When giving a presentation or speech, you have to engage your audience effectively in order to truly get your point across. Unlike a written editorial or newsletter, your speech is fleeting; once you’ve said everything you set out to say, you don’t get a second chance to have your voice heard in that specific arena.

    You need to make sure your audience hangs on to every word you say, from your introduction to your wrap-up. You can do so by:

    1. Connecting them with each other

    Picture your typical rock concert. What’s the first thing the singer says to the crowd after jumping out on stage? “Hello (insert city name here)!” Just acknowledging that he’s coherent enough to know where he is is enough for the audience to go wild and get into the show.

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    It makes each individual feel as if they’re a part of something bigger. The same goes for any public speaking event. When an audience hears, “You’re all here because you care deeply about wildlife preservation,” it gives them a sense that they’re not just there to listen, but they’re there to connect with the like-minded people all around them.

    2. Connect with their emotions

    Speakers always try to get their audience emotionally involved in whatever topic they’re discussing. There are a variety of ways in which to do this, such as using statistics, stories, pictures or videos that really show the importance of the topic at hand.

    For example, showing pictures of the aftermath of an accident related to drunk driving will certainly send a specific message to an audience of teenagers and young adults. While doing so might be emotionally nerve-racking to the crowd, it may be necessary to get your point across and engage them fully.

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    3. Keep going back to the beginning

    Revisit your theme throughout your presentation. Although you should give your audience the credit they deserve and know that they can follow along, linking back to your initial thesis can act as a subconscious reminder of why what you’re currently telling them is important.

    On the other hand, if you simply mention your theme or the point of your speech at the beginning and never mention it again, it gives your audience the impression that it’s not really that important.

    4. Link to your audience’s motivation

    After you’ve acknowledged your audience’s common interests in being present, discuss their motivation for being there. Be specific. Using the previous example, if your audience clearly cares about wildlife preservation, discuss what can be done to help save endangered species’ from extinction.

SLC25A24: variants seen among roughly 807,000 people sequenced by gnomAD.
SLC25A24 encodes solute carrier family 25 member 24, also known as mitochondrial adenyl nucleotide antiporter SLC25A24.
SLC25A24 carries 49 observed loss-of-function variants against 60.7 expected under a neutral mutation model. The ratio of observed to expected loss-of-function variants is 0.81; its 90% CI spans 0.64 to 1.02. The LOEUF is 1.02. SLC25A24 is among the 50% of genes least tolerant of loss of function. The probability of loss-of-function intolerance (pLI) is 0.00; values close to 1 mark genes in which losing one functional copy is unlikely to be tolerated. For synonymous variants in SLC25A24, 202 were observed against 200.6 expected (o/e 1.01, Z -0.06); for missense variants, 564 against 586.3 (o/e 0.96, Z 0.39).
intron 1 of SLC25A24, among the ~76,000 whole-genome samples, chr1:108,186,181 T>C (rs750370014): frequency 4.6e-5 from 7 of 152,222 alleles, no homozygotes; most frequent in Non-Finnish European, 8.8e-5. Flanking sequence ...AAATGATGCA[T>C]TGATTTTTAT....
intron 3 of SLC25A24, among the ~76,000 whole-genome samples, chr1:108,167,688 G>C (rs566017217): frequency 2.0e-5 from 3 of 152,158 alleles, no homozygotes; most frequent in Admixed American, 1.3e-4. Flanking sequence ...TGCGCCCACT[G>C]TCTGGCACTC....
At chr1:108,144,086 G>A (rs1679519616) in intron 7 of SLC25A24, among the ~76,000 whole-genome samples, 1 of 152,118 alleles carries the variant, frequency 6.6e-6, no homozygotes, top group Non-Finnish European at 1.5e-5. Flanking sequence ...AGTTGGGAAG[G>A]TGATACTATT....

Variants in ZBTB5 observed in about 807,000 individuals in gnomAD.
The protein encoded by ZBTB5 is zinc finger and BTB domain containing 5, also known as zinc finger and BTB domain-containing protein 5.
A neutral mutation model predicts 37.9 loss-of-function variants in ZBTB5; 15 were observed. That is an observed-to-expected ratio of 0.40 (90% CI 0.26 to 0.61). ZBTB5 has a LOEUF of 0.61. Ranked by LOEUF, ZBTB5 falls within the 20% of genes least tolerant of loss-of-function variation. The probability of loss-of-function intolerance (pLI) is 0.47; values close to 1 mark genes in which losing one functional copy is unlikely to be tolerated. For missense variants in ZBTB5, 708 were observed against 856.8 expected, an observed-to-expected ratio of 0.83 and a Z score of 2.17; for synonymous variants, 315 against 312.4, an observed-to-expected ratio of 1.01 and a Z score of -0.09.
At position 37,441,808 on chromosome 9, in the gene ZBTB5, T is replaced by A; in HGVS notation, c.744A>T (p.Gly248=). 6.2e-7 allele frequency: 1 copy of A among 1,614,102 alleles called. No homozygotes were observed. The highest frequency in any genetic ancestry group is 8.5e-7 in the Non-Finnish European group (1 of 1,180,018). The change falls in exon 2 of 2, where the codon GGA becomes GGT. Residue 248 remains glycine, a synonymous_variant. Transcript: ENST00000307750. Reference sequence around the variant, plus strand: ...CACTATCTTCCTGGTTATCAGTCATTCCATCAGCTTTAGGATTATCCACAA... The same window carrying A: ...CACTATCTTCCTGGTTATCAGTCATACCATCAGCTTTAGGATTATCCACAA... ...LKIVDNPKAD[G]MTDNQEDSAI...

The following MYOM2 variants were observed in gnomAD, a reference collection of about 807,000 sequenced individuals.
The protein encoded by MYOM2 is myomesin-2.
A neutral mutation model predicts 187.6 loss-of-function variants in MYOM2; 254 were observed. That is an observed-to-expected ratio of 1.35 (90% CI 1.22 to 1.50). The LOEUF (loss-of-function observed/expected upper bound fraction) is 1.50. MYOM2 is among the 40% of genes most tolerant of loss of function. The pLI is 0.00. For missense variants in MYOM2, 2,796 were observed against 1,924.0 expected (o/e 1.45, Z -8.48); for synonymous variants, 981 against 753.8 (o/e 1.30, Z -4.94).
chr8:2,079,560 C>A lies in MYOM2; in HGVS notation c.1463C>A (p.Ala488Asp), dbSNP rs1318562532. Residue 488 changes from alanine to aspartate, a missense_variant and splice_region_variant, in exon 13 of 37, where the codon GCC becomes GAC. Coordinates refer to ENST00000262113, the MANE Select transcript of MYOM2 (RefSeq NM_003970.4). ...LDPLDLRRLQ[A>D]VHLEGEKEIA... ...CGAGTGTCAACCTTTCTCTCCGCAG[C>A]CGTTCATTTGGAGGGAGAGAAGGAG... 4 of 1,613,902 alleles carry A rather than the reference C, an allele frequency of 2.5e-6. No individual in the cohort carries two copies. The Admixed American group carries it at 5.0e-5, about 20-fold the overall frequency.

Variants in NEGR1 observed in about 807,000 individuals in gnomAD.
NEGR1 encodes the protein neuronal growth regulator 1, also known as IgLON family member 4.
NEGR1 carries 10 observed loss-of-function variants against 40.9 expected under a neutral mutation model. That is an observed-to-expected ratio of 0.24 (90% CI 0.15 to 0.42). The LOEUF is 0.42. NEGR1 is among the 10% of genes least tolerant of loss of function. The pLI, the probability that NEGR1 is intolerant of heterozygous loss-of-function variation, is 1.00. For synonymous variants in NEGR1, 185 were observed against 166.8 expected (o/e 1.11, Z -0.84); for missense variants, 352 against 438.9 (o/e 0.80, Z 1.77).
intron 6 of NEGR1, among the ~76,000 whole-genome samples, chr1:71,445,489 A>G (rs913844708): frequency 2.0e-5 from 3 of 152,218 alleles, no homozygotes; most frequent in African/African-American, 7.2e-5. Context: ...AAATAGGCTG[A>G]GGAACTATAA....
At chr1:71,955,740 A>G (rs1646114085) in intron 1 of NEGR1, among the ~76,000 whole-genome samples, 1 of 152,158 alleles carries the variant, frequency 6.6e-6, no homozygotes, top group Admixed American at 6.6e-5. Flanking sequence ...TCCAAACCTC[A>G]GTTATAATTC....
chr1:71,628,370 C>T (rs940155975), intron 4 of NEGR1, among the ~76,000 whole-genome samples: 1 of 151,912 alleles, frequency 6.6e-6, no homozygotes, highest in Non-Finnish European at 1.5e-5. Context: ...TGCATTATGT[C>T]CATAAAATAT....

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    Don’t just give them cold, hard facts; use the facts to make a point that they can use to better themselves or the world in some way.

    5. Entertain them

    While not all speeches or presentations are meant to be entertaining in a comedic way, audiences will become thoroughly engaged in anecdotes that relate to the overall theme of the speech. We discussed appealing to emotions, and that’s exactly what a speaker sets out to do when he tells a story from his past or that of a well-known historical figure.

    Speakers usually tell more than one story in order to show that the first one they told isn’t simply an anomaly, and that whatever outcome they’re attempting to prove will consistently reoccur, given certain circumstances.

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    6. Appeal to loyalty

    Just like the musician mentioning the town he’s playing in will get the audience ready to rock, speakers need to appeal to their audience’s loyalty to their country, company, product or cause. Show them how important it is that they’re present and listening to your speech by making your words hit home to each individual.

    In doing so, the members of your audience will feel as if you’re speaking directly to them while you’re addressing the entire crowd.

    7. Tell them the benefits of the presentation

    Early on in your presentation, you should tell your audience exactly what they’ll learn, and exactly how they’ll learn it. Don’t expect them to listen if they don’t have clear-cut information to listen for. On the other hand, if they know what to listen for, they’ll be more apt to stay engaged throughout your entire presentation so they don’t miss anything.

    Featured photo credit: Flickr via farm4.staticflickr.com